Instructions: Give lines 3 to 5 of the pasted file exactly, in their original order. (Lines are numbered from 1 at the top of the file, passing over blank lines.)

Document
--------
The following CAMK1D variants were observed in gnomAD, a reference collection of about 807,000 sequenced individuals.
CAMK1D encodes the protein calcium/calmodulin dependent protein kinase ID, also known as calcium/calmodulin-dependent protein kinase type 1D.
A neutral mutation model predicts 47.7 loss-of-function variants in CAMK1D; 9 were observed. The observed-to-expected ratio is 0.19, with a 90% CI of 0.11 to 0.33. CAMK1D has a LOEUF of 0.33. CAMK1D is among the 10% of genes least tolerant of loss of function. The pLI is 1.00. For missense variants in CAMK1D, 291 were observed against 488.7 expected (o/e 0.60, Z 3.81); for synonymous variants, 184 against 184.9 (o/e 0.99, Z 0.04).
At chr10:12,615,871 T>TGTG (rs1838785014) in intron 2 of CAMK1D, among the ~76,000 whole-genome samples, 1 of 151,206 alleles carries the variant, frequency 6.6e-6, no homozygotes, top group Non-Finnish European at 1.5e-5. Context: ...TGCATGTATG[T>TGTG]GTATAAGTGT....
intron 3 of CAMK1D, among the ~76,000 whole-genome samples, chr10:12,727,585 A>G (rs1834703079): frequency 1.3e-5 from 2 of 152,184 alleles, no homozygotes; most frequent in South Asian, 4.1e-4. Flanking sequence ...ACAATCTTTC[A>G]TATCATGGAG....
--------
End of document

A neutral mutation model predicts 47.7 loss-of-function variants in CAMK1D; 9 were observed. The observed-to-expected ratio is 0.19, with a 90% CI of 0.11 to 0.33. CAMK1D has a LOEUF of 0.33. CAMK1D is among the 10% of genes least tolerant of loss of function. The pLI is 1.00. For missense variants in CAMK1D, 291 were observed against 488.7 expected (o/e 0.60, Z 3.81); for synonymous variants, 184 against 184.9 (o/e 0.99, Z 0.04).
At chr10:12,615,871 T>TGTG (rs1838785014) in intron 2 of CAMK1D, among the ~76,000 whole-genome samples, 1 of 151,206 alleles carries the variant, frequency 6.6e-6, no homozygotes, top group Non-Finnish European at 1.5e-5. Context: ...TGCATGTATG[T>TGTG]GTATAAGTGT....
intron 3 of CAMK1D, among the ~76,000 whole-genome samples, chr10:12,727,585 A>G (rs1834703079): frequency 1.3e-5 from 2 of 152,184 alleles, no homozygotes; most frequent in South Asian, 4.1e-4. Flanking sequence ...ACAATCTTTC[A>G]TATCATGGAG....